It being appreciated that welding spring `connestors between; said members joining them together' so that said inner member.A can move relative to said outer menfiber"y said inner member-having a recessv in its bottom face, and a wear heel mounted. in said. recessv and depended from. the bottom face of said inner member, said innerv member being divided into a iront portion anda rear portion, said' wear heel being divided into separate portions one for each ofsad portions cf said inner member, said rear. portion of said inner member having its spring connectors arranged at a downwardand; rearward inclination with the bottom face of the rear portion of saidl wear heel arranged on: the same plane with the bottom face of the front portion: of said wear wheel.

3'. A shock absorbingv shoe heel, comprising an cuter member for attachment. to a shoe and hav'- ing an open bottom, an inner member having an open: tcp slidabl'y -tted into said outer member, spring connectors between saidv members joining them together so that-said inner. member can mover relative to said outer member, said inner memberhaving a recess in its bottom: face, and a wear heel mountedin said recess and depended irom the bottom face of said inner member, said inner member being divided into a iront` portion and a rear portion, said wearv heel' being divided into separate portions one for each of,` Said portions of said inner member, said rear portion oi said inner member having, its spring connectors arranged at a downward and rearward inclination with. the bottom face of the rear portion of saidwear heel arranged at. adownward and forward inclination.

e. A shock absorbing shoe heel, comprising. an outer member for attachment to a shoe. have ing an open. bottom, an inner member having an open top slidably fitted into said outer. member, spring connectors` between said members joining them. together so that saidv inner member can move relative to said outer member, said inner member having a recess in its bottom face, and a wear heel mounted in said recess and depended from the bottom face of. said inner mem.- ber', saidinner member being divided into ay front portion and a rear portion, said wear heelbeing divided into separate portions one for each@ of said portions of said. inner member, said rear portion of saidinner member having its spring connectorsarranged at a downward and. rearward` inclination with theV bottom face. of. the rear portion of saidv wear heel arranged on the same. plane-with the bottom face of the iront portion ofl said wear` heel said springy connectors being supported at the downward and rearward inclination by being mounted lbetween. wedge members fixedly mounted within said outer member and the" rear portion of said inner member.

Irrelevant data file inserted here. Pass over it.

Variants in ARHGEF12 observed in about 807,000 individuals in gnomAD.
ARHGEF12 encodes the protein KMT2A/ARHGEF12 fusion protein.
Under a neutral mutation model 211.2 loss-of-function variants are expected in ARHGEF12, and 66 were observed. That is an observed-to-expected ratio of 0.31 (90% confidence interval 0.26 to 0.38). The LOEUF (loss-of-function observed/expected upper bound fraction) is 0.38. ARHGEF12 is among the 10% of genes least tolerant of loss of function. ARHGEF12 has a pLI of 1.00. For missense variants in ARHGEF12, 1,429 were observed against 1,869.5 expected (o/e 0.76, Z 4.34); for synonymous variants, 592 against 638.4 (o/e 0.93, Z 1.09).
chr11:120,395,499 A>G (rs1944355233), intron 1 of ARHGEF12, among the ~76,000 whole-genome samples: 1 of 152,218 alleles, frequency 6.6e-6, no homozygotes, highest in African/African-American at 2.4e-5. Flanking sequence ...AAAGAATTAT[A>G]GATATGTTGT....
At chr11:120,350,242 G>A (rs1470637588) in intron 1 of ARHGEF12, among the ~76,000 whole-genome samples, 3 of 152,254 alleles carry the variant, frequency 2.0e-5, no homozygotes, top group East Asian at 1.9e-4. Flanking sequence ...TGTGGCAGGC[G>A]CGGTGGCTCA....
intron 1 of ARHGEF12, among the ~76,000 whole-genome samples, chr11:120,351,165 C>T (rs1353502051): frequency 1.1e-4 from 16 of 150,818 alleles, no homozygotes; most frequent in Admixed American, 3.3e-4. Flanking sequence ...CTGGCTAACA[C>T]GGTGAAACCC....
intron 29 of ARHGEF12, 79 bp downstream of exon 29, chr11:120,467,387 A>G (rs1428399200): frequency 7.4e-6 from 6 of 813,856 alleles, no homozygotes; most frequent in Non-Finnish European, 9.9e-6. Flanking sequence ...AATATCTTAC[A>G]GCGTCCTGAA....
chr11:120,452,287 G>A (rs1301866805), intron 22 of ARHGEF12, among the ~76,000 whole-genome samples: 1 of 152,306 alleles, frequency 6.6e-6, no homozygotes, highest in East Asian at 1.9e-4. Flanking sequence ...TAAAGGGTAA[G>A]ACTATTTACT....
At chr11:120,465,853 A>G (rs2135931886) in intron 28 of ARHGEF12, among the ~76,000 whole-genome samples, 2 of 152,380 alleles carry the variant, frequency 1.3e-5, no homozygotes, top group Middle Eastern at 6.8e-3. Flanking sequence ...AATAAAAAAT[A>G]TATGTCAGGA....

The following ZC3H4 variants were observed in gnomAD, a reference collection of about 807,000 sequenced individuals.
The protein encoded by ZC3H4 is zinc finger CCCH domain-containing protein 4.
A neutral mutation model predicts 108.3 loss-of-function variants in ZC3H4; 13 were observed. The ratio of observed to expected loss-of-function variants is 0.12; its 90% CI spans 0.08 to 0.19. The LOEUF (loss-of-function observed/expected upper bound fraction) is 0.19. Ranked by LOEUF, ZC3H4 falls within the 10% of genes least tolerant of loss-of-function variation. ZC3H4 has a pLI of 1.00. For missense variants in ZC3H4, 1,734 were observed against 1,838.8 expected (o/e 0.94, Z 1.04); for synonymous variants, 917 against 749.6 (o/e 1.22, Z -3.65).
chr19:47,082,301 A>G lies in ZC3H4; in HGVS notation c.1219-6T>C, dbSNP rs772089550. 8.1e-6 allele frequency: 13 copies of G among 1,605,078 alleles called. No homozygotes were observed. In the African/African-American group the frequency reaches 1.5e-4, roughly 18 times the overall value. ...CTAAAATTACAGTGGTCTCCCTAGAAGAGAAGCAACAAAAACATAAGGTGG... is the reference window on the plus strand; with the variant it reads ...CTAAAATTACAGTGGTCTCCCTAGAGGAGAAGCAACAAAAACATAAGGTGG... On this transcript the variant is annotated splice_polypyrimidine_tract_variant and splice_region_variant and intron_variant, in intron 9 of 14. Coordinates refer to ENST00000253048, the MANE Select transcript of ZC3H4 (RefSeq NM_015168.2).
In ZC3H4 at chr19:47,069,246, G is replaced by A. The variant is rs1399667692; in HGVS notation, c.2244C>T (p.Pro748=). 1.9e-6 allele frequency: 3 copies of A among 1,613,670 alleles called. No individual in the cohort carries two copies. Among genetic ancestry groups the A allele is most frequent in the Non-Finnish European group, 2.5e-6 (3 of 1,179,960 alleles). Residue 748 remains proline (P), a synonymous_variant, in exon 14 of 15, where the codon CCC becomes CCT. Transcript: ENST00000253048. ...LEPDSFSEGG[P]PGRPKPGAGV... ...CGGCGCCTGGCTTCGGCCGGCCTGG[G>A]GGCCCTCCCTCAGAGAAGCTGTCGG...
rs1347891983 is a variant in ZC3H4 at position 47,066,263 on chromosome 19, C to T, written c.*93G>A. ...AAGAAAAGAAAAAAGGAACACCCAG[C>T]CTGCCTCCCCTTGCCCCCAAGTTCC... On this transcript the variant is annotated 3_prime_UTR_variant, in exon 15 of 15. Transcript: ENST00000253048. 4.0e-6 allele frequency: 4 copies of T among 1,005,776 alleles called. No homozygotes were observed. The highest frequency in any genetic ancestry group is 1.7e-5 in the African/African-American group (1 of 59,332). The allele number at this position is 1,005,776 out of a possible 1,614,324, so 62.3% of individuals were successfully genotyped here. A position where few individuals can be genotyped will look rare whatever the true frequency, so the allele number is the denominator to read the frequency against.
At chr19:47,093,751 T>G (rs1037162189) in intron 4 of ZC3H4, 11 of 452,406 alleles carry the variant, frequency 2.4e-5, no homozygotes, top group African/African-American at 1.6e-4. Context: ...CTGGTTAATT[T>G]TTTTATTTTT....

5. A shock absorbing shoe heel', con'iprising an outer member for attachment to a shoe and. having an openv bottom',` an inner member having an open top slidably fitted into said outer" meinber, spring connectors between said members joining them together so that said inner member can move relative to said outer member, said inner member having a recess in its bottom face, and a wear heel mounted in said recess and depended from the bottom face of said inner member, said inner member being divided into a iront portion and a rear portion, said wear heel being divided into separate portions' one for eachl of said portions of. said inner member, said rearportionof said inner member having/its spring connectors arranged at a. downward and rearward inclination with the bottom face of the rear portion of said wear heel arranged at a downward and forward inclination, said rear portion being mounted for sliding movements 5 parallel to the inclination of said spring connectors within a hollowed block member xedly mounted within said outer member behind the front portion of said inner member.

ROBERT DE WERTH.

References Cited in the le of this patent UNITED STATES PATENTS Number Name Date Scruggs May 23, 1911 Jenoi & Kruchio Apr. 21, 1914 Karacsonyi June 9, 1914 Dutchak Oct. 9, 1923